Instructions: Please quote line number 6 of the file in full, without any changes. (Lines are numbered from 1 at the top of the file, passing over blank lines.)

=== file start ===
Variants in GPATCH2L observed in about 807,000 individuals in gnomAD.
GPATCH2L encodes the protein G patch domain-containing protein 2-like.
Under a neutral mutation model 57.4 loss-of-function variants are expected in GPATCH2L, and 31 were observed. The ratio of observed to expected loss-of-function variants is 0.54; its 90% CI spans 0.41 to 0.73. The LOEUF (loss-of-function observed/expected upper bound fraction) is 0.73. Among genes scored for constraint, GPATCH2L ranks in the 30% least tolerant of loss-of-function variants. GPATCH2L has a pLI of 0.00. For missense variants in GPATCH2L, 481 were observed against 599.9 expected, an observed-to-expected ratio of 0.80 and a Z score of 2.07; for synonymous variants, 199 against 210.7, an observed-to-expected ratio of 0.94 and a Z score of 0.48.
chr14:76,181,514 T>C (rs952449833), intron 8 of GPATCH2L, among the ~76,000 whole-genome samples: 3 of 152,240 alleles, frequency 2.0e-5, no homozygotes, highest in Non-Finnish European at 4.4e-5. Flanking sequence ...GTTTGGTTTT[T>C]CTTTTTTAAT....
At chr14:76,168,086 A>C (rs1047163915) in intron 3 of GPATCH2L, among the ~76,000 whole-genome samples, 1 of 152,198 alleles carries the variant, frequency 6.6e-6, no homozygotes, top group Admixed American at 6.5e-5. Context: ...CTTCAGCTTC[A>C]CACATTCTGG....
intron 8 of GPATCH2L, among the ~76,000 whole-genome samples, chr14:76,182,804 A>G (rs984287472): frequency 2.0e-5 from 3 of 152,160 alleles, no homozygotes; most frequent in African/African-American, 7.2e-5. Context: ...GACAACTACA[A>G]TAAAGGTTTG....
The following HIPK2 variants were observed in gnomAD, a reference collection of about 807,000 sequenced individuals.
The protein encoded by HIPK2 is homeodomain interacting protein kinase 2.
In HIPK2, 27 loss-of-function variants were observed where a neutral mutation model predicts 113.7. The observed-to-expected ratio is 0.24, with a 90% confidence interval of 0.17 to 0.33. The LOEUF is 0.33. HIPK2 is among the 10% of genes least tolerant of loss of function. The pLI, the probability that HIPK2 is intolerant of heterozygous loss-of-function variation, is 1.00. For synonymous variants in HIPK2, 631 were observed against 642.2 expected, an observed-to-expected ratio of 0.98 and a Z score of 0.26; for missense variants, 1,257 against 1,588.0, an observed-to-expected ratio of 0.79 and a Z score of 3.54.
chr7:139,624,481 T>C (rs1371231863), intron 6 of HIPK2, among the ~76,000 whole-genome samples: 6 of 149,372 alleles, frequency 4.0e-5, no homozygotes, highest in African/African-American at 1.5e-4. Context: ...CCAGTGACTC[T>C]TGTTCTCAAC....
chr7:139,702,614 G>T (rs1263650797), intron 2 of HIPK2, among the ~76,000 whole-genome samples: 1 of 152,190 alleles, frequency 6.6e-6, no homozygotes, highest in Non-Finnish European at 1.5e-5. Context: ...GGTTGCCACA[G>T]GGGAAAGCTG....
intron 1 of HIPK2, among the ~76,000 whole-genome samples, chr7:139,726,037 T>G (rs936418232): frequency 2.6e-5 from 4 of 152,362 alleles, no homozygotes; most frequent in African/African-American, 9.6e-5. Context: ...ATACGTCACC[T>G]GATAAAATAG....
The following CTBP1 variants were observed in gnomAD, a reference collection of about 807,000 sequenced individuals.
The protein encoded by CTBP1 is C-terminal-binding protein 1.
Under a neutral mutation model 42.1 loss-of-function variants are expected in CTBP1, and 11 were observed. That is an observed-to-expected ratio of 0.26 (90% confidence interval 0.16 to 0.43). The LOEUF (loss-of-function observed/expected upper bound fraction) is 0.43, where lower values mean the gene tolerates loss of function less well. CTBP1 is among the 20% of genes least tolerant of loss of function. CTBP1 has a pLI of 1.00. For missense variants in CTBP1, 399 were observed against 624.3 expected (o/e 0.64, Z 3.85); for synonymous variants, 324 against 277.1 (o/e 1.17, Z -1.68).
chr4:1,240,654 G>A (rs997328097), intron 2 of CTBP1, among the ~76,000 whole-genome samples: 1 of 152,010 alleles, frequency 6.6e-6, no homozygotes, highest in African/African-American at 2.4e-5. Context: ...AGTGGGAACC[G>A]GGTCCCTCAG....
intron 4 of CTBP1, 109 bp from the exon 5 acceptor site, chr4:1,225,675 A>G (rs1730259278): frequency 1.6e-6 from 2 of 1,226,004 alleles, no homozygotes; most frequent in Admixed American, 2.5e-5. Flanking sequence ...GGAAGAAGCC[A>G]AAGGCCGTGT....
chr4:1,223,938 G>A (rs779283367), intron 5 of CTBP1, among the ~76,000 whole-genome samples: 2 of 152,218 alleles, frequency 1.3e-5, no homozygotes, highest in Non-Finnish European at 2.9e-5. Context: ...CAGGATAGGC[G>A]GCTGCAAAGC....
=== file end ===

intron 8 of GPATCH2L, among the ~76,000 whole-genome samples, chr14:76,182,804 A>G (rs984287472): frequency 2.0e-5 from 3 of 152,160 alleles, no homozygotes; most frequent in African/African-American, 7.2e-5. Context: ...GACAACTACA[A>G]TAAAGGTTTG....